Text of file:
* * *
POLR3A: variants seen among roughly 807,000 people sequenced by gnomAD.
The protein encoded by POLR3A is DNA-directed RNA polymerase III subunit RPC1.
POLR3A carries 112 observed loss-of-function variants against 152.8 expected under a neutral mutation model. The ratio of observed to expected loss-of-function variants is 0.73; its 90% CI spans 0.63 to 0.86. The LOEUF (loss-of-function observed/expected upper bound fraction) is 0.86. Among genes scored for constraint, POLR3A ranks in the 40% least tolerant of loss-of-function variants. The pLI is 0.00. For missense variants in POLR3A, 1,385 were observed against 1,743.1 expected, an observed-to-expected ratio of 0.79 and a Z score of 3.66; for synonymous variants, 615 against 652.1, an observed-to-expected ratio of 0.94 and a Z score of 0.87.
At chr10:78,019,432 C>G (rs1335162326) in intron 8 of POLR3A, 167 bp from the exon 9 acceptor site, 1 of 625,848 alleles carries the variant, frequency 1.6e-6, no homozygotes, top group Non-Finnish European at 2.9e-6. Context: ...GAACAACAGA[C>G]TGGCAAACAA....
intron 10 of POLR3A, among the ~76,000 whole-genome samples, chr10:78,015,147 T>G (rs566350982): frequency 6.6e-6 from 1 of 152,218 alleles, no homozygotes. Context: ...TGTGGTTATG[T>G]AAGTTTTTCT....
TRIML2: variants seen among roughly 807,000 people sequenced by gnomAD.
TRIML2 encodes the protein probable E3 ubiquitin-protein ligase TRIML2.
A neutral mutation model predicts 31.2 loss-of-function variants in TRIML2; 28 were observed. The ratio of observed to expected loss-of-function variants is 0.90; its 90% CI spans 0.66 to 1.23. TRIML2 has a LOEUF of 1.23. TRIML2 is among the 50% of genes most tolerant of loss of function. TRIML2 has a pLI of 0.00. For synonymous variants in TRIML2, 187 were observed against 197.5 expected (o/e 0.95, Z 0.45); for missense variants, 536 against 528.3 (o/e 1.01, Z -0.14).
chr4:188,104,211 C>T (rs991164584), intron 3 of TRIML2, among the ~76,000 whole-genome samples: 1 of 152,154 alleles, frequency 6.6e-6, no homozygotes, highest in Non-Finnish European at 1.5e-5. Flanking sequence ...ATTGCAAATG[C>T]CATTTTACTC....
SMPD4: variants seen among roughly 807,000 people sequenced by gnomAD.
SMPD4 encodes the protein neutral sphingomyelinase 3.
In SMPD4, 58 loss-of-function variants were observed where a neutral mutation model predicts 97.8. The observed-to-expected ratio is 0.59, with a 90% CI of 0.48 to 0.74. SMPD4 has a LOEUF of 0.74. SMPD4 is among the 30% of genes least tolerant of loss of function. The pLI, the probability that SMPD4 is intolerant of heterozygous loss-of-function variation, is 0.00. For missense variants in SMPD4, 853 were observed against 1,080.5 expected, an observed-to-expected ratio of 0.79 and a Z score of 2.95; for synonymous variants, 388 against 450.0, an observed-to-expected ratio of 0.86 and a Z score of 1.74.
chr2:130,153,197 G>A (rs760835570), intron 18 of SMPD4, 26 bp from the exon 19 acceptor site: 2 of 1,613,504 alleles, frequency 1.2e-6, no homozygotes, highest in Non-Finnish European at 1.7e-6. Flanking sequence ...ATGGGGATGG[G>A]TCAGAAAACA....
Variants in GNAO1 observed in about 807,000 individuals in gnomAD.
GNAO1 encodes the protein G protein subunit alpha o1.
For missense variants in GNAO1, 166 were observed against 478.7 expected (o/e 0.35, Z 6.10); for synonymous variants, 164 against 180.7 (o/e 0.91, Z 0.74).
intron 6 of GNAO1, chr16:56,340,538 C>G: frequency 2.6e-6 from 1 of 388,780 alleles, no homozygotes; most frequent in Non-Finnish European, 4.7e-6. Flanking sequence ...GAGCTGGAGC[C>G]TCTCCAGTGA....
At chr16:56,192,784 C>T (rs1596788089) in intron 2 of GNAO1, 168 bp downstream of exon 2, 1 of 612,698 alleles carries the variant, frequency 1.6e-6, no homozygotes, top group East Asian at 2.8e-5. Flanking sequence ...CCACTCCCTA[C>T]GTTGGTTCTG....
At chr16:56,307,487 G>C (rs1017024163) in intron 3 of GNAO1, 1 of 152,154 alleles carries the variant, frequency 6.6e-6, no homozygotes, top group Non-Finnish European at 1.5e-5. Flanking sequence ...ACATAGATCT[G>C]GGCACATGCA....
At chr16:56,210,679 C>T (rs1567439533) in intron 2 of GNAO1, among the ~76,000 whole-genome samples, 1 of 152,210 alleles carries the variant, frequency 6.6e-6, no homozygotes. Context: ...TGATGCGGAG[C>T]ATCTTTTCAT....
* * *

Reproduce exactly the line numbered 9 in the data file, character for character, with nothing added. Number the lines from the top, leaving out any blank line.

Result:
chr4:188,104,211 C>T (rs991164584), intron 3 of TRIML2, among the ~76,000 whole-genome samples: 1 of 152,154 alleles, frequency 6.6e-6, no homozygotes, highest in Non-Finnish European at 1.5e-5. Flanking sequence ...ATTGCAAATG[C>T]CATTTTACTC....